We met in our radiology residency at U of T and bonded over our common interest in artificial intelligence and machine learning.
At the time, many people saw AI as a threat, fearing it would make radiologists obsolete. But we were convinced otherwise.
Both of us loved computer science and engineering (Mark had an engineering degree; Alex started programming as a kid). And we knew recent advances in technology could make a huge difference to medical imaging and diagnostics.
While radiology has advanced “hardware” like MRIs and CT scanners, its “software” side is less impressive. Our external tools to help analyze images consist of a ruler to measure the size of lesions on a scan, and a little circle that helps measure the brightest pixels on the screen.
We got started researching how AI technology could improve X-ray diagnostics and bone age analysis. We won awards — including by the Faculty of Medicine’s Health Innovation Hub (H2i), and the Radiological Society of North America (RSNA) — and launched our start-up company, 16 Bit in 2016.
We just needed to access hundreds of thousands of radiology images to get up and running. That simple, right?
Not quite. It turns out that technological and medical know-how, big ideas on transforming diagnostic imaging and relationships with radiologists across the city doesn’t automatically grant you access to reams of data or guarantee partnership and buy-in.
Luckily our 2016 H2i award had come with the promise of ongoing mentorship (we’d originally been most excited about the $5,000 prize!). And we’ve relied on these mentors extensively.
For us, the technology has never been a barrier. Our biggest challenge was learning to navigate the complexities of the health system. For example, structuring agreements with academic hospitals to incentivize them to work with us, without being able to offer them the kinds of financial compensation large companies can. As the playing field is not exactly level for small companies to operate in healthcare, which can stifle early innovation, we have devoted a lot of time to navigating these and other challenges. While we expected the need to develop technology pipelines, we didn’t realize the legislative and ethical policies for AI innovations would also need to be developed.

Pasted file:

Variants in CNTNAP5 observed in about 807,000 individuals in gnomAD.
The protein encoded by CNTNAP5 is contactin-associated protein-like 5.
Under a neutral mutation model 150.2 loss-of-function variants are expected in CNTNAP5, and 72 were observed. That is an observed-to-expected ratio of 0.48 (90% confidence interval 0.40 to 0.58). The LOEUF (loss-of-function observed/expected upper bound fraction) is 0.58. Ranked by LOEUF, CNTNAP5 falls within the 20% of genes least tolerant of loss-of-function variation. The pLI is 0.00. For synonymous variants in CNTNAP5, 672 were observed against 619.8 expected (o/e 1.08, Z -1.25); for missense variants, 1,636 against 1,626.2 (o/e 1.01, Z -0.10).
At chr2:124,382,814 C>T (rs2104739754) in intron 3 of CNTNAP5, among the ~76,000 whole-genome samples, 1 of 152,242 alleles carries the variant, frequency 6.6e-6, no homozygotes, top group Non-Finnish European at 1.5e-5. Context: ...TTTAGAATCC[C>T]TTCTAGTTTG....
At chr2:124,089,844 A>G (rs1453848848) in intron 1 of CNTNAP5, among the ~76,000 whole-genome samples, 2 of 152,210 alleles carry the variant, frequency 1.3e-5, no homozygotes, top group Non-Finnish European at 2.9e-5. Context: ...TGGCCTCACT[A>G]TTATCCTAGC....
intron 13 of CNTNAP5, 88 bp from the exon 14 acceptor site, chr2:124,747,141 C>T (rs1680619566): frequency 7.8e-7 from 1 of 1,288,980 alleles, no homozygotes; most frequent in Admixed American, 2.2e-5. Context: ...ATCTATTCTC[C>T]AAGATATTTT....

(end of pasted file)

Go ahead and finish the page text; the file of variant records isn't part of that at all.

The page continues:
During almost weekly meetings and check-ins with lead mentor and technology commercialization leader Andris Lauris and H2i co-director Prof. Paul Santerre, we not only got practical advice on business planning and strategy and much-needed moral support — we also learned the particularities of health care entrepreneurship.
We’ve gotten advice around collaborating on research studies and clinical trials in AI and radiology, and guidance on applying for regulatory approval and more.
Currently, we’re working to get regulatory approval for our bone age algorithm to make it the global gold standard — which will ultimately save time for busy radiologists and bring sub-specialty expertise to developing nations. Additionally, we are working to rethink imaging-based screening paradigms such as for breast cancer and osteoporosis.
Ultimately, we hope to move beyond saving time and money, to create the next-generation of health care tools that can work synergistically with radiologists and other physicians and improve the quality of care they’re able to offer patients.
For example, in medical imaging pixels are encoded in 16 bits – hence our company name – which includes many more shades than the human eye is likely to appreciate. If we can map clinical outcomes to this rich and layered data, we could create connections and insights that we wouldn’t otherwise have access to.
There is a lot of excitement around AI in medicine, especially within Toronto’s growing AI and entrepreneurship ecosystem. But there is also a lot of fear, often putting physicians and AI at odds with each other.
created world-class medical AI algorithms and also done 20 years of medical training combined, we view AI as a wonderful new tool to further the contributions physicians are able to make to their patients — as opposed to a technology that will cause the mass extinction of the human doctor.
Drs. Mark Cicero, PGME ’13 (Radiology), PGME ‘18 and Alex Bilbily, MD ’13, are radiologists and co-founders of 16 Bit, a Toronto-based diagnostic imaging company.